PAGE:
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Gilts Extending Decline Lead Widows to Aussie Bonds: U.K. Credit

June 24, 2013

The slump in U.K. government bonds that pushed 10-year yields to the highest in 20 months still has further to run before the securities become enticing, according to one of Scotland’s largest fund companies.

The higher yields “just confirmed our caution,” Alan Bridges, who manages 9 billion pounds ($13.9 billion) of gilts at Scottish Widows Investment Partnership in Edinburgh, said on June 20. “Yields are going to have to rise from here.”

U.K. government bonds have more than doubled their year-to-date decline since Federal Reserve Chairman Ben S. Bernanke said on June 19 that U.S. central bank officials may reduce asset purchases this year, sparking a bond selloff across the world. Gilts fell as signs of an economic recovery prompted investors to pare expectations of further monetary easing and on concern the country will struggle to attract buyers for its debt with inflation running at more than the 2 percent target.

The extra yield, or spread, investors get for holding 10-year Treasuries compared with gilts narrowed 16 basis points since June 19 to six basis points as of 5 p.m. London time yesterday. At 2.53 percent, the U.K. securities yielded the most since October 2011 and 72 basis points, or 0.72 percentage point, more than German bunds, the most since November 2010. The spread widened 15 basis points since June 19.

Gilts “will underperform Treasuries, and also bunds because of stubborn U.K. inflation and the not very favorable supply outlook for the next month,” Bridges said.

Aussie Rates

Scottish Widows Investment is the biggest Edinburgh-based money manager after Standard Life Investments. The company had 147 billion pounds of assets as of March 31, according to its website. Lloyds Banking Group Plc (LLOY), the parent of Scottish Widows, is currently mulling the sale of the fund company, people familiar with the situation said in April.

Bridges said he bought Australian bonds because the country’s economic slowdown will leave it with a central bank that’s cutting interest rates, while its counterparts keep them unchanged. The Reserve Bank of Australia, the country’s central bank, has already cut rates this year.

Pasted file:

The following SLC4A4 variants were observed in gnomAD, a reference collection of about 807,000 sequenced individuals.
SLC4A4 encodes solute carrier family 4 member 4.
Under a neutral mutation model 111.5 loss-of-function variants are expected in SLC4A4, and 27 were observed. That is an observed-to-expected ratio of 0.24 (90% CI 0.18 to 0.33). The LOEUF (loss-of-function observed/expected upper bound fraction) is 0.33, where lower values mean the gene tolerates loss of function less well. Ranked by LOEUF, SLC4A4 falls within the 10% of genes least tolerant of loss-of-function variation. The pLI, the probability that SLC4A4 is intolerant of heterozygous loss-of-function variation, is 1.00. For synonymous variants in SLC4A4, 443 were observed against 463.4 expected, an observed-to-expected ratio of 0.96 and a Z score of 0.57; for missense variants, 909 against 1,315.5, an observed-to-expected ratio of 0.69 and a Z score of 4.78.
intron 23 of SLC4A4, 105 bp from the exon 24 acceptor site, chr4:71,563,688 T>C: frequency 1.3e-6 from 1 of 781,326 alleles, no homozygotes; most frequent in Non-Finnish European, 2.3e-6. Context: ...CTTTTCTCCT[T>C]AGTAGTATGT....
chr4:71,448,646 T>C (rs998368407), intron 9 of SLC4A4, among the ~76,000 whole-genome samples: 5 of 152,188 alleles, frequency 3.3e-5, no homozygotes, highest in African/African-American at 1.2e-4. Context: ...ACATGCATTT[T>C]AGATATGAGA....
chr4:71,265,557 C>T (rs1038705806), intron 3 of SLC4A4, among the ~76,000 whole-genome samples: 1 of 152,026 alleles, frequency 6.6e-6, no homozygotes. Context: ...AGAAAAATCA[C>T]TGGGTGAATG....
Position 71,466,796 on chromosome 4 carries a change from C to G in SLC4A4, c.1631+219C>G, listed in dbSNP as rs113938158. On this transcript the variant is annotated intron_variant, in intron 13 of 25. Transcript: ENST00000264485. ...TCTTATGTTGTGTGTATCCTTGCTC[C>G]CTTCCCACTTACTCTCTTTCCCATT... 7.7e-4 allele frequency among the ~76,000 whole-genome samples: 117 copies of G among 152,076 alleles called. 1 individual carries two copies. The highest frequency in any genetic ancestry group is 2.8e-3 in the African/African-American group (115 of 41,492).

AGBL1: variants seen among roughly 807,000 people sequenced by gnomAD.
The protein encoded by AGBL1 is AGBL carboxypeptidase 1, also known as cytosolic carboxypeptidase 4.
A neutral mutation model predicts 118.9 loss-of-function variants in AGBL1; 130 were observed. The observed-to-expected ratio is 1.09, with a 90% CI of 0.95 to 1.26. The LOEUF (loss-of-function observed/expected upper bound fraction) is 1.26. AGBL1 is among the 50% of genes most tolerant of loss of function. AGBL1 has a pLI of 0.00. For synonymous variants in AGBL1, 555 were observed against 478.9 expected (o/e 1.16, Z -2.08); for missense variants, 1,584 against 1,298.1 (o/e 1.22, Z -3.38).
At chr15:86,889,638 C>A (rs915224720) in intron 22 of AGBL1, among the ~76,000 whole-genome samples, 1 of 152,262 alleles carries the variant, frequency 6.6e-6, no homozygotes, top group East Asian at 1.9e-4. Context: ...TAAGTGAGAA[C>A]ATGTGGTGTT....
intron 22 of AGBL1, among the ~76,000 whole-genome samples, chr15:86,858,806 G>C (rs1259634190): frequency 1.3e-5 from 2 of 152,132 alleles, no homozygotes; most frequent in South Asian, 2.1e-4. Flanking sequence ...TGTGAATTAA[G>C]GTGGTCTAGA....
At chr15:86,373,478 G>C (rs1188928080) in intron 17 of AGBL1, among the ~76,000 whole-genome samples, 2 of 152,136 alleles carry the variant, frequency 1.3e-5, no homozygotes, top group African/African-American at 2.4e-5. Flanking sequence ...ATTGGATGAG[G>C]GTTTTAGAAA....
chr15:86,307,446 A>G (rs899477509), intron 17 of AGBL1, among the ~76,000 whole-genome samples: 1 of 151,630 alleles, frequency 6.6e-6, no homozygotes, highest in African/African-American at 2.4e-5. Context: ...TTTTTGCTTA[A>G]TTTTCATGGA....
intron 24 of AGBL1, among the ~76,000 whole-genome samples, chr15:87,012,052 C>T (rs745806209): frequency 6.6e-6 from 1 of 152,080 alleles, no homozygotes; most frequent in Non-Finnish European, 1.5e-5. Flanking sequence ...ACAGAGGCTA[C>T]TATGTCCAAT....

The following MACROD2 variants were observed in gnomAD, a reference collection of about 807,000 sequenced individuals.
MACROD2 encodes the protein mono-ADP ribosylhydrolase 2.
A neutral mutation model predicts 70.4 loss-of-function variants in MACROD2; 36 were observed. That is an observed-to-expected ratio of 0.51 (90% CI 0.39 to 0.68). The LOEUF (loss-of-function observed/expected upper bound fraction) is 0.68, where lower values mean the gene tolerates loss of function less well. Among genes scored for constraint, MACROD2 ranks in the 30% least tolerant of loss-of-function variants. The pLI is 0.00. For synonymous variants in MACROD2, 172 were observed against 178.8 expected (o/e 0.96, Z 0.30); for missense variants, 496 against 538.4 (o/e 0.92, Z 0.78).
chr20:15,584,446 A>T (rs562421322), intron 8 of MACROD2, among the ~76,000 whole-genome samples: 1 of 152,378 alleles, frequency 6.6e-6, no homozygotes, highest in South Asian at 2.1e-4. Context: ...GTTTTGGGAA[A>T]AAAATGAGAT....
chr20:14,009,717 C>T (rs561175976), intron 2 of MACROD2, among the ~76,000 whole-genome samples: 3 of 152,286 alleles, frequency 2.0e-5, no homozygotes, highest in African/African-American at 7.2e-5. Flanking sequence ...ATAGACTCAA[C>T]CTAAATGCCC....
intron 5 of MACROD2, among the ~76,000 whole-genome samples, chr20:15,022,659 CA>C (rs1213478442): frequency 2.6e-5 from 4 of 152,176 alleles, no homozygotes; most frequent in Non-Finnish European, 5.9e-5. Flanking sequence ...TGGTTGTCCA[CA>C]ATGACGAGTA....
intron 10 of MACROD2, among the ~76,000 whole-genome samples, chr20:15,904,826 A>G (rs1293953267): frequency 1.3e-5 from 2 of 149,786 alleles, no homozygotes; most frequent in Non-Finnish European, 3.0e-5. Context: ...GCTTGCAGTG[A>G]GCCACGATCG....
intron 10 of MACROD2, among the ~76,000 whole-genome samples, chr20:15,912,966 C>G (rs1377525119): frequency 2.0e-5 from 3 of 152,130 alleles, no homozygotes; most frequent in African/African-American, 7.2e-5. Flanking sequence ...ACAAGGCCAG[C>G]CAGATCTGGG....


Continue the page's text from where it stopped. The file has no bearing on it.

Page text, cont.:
“A strategic position is being underweight gilts against Australian bonds,” Bridges said. “We see the Australian economy slowing down quite sharply and the RBA being able to reduce rates over the next few months while other G-7 central banks are going to be on hold.”

Beating Gilts

Australian government bonds have outperformed gilts since June 19, handing investors a 1.4 percent loss, while Italian debt declined 1.5 percent, according to indexes developed by Bank of America Merrill Lynch. After losing 1.6 percent between Dec. 31 and June 19, gilts have since dropped 1.8 percent.

Scottish Widows Investment started buying Italian bonds in the middle of May, Bridges said.

U.S. Treasuries have slipped 0.9 percent since June 19, the same as German bunds. Bonds around the world tumbled after Bernanke said the Fed may taper its $85 billion in monthly bond buying and halt its program in mid-2014 should the world’s largest economy perform in line with its projections.

The U.K. Debt Management Office may sell a bond maturing in 2068 via banks as soon as today. A sale of five-year debt last week attracted the weakest demand since June 2012. The DMO will sell two batches of inflation-linked gilts via banks as well as hold 11 auctions in the third quarter, it said on May 31.

The supply and “the global background of the Fed providing less liquidity means investors are going to be more greedy on the levels at which they buy bonds,” Bridges said.

Carney Era

The yield on the U.K.’s 4 percent security maturing January 2060 increased four basis points yesterday to 3.60 percent, up from 3.21 percent at the end of 2012. The 10-year yield rate has jumped from a record low 1.41 percent last July.

The Bank of England may raise its main interest rate next year from 0.5 percent to tame inflation, money markets are signaling, undermining bets that the arrival of Mark Carney as Bank of England governor next week will herald the start of looser monetary policy. Consumer prices rose at an annual rate of 2.7 percent last month.

Outgoing central bank chief Mervyn King lost his final Monetary Policy Committee vote this month as officials decided 6-3 in favor of keeping the target of their bond-purchase program at 375 billion pounds.

Like King, Carney will be “only one person among nine and he needs to take at least a majority of the MPC with him, which is what King failed to do,” Bridges said. “So we don’t expect a radical change when he takes over.”

To contact the reporter on this story: Lukanyo Mnyanda in Edinburgh at

To contact the editor responsible for this story: Paul Dobson at

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